In yesterday's passage (which we omitted for St. Luke's feast day readings), God beautifully reminds Israel that he alone is God and "besides me there is no savior." Yet, in spite of his gracious love toward them, Israel rebelled and followed after other nations and their practices by rejecting God as their king and setting up a human king in his place. As a result, God is going to judge them...and yet...ultimately he will redeem them from Death and the Grave. By conquering Death, God will be the death of Death and the destroyer of the Grave (v.14)! Though he shall discipline and punish sin, ultimately his actions stem from his unceasing and unfathomable love for his redeemed. "What wondrous love is this that caused the Lord of bliss to bear the dreadful curse for my soul!"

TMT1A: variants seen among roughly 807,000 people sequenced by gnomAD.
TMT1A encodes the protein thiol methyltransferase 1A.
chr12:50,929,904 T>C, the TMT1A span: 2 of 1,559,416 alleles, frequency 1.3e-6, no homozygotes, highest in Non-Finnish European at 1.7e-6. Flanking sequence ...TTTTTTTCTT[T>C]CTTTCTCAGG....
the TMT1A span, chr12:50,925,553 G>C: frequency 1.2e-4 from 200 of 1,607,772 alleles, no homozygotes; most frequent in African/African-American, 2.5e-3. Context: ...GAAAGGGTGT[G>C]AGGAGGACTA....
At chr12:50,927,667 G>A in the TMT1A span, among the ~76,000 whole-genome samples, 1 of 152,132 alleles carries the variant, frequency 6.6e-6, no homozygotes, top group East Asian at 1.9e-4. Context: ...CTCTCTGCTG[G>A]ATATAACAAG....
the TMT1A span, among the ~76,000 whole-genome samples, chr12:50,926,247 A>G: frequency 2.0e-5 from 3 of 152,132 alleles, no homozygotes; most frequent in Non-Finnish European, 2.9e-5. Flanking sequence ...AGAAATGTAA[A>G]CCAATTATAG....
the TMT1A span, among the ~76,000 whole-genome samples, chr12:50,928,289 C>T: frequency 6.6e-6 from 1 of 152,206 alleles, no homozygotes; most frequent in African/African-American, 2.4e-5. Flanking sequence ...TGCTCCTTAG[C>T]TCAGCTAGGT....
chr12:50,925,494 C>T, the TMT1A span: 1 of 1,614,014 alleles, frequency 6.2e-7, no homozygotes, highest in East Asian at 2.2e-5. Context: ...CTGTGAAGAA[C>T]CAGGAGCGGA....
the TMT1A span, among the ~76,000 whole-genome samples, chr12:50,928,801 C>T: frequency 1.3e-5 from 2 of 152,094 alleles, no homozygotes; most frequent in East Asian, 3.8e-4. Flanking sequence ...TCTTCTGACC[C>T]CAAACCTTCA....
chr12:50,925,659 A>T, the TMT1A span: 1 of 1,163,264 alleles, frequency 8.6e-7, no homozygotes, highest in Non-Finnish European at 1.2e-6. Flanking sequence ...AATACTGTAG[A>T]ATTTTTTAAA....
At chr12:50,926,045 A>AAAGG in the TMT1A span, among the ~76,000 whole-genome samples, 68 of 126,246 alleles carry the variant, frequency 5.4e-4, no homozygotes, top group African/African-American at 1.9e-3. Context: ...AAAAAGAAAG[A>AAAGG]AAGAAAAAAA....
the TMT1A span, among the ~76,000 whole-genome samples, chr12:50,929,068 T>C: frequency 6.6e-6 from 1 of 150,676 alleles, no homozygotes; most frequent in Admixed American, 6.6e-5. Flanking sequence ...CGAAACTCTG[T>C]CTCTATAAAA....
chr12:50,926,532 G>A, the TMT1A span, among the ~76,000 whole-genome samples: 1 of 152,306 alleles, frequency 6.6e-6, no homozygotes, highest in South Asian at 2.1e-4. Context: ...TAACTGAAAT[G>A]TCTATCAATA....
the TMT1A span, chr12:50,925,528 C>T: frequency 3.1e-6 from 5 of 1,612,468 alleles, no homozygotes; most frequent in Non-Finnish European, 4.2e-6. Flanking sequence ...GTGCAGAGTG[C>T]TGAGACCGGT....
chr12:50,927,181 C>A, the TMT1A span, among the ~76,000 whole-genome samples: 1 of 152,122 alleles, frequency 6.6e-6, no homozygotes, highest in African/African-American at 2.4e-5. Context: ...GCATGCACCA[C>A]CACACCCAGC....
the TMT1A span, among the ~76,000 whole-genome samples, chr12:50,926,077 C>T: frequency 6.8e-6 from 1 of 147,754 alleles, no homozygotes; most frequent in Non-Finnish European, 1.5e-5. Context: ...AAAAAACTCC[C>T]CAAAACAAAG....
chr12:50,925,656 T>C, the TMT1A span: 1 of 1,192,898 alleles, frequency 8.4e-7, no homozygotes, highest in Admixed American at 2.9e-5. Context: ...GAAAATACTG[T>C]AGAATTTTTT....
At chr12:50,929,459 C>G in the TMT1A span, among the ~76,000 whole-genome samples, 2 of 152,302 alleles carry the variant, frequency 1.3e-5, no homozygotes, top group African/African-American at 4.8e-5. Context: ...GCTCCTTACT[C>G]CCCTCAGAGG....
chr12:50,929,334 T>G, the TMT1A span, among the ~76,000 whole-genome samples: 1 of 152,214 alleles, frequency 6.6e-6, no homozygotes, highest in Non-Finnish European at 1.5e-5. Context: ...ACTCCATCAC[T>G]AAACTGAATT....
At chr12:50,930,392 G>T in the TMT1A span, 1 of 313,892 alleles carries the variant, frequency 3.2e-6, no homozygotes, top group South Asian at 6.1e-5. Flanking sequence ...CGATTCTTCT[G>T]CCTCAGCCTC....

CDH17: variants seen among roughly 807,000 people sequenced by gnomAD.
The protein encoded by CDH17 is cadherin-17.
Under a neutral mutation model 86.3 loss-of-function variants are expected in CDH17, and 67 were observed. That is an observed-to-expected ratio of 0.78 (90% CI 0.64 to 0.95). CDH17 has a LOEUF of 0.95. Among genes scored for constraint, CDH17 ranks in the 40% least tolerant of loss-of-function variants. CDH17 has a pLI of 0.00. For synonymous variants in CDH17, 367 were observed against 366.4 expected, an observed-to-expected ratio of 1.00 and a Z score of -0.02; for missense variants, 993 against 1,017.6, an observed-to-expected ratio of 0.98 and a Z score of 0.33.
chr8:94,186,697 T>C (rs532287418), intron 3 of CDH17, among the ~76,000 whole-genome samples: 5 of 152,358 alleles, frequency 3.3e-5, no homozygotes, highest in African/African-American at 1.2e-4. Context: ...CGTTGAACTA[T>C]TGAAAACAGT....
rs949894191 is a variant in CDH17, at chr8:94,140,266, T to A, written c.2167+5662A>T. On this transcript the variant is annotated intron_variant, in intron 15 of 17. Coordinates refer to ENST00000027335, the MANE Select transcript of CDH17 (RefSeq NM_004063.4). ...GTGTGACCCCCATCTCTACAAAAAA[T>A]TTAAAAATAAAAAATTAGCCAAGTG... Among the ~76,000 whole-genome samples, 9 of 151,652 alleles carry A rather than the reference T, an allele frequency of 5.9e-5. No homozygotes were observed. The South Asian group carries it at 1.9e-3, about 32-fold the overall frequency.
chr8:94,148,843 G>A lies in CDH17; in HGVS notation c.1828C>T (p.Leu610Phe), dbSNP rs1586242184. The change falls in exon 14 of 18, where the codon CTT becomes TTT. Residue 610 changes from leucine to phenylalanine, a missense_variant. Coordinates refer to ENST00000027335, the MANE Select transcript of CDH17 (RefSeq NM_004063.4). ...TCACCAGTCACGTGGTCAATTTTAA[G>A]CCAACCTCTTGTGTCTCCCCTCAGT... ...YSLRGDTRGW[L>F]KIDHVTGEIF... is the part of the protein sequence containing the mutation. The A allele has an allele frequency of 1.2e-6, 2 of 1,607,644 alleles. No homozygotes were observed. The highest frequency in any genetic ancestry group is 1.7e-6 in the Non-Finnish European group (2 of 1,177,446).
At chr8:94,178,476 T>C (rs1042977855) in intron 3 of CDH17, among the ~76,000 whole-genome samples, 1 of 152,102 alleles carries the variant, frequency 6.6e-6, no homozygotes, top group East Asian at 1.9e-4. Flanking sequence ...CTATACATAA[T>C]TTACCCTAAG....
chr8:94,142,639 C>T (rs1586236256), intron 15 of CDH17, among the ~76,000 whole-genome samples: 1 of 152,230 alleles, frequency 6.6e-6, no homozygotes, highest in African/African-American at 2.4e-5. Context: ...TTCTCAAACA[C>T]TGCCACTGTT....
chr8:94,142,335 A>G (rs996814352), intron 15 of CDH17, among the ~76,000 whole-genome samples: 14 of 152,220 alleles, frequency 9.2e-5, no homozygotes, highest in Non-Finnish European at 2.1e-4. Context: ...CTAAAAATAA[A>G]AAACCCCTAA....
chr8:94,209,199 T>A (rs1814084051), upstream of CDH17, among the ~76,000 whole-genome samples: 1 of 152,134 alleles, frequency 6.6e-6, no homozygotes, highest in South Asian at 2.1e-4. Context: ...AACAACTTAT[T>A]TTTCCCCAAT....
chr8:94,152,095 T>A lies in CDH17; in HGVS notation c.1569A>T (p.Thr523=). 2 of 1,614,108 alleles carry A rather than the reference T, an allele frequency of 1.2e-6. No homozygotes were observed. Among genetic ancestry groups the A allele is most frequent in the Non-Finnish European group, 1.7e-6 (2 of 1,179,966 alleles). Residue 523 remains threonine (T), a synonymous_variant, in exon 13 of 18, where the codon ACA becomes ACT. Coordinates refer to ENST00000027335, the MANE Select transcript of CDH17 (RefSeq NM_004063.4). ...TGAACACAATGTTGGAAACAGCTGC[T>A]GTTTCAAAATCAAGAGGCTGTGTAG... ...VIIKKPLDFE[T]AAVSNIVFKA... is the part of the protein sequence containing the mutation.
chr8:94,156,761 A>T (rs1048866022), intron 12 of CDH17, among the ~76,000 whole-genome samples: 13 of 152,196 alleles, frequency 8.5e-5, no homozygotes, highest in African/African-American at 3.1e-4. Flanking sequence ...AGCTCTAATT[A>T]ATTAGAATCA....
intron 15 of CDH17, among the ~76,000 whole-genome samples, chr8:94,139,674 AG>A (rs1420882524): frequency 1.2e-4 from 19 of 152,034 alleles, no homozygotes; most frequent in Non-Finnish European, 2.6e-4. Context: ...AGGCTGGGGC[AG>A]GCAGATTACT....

Today's reading is the account of Jesus' transfiguration, that miraculous event in which the veil is peeled back and the true glory of Christ is shown to Peter, John, and James. This event happened on the eighth day after the previous events. The early church was quick to find significance in the number eight. As God created the heavens and the earth in seven days, the eighth day here is understood to foreshadow the resurrection in the world to come. As Ambrose, bishop of Milan, wrote in his commentary, "It says 'about eight days after these words, he took those three alone and led them onto the mountain.' Why is it that he says 'eight days after these words'? He that hears the words of Christ and believes will see the glory of Christ at the time of the resurrection. The resurrection happened on the eighth day...It shows us that he said that he who because of the Word of God shall lose his own soul will save it, since he renews his promises at the resurrection" (Ambrose, Exposition of the Gospel of Luke). Were we to see Christ in his unveiled glory here and now we would surely respond as awkwardly and inappropriately as Peter. What matters most for us here, however, is the certain promise and hope that we have in the resurrection, when we will see Christ as he is, celebrating the death of Death, and enjoying God's perfect presence forever.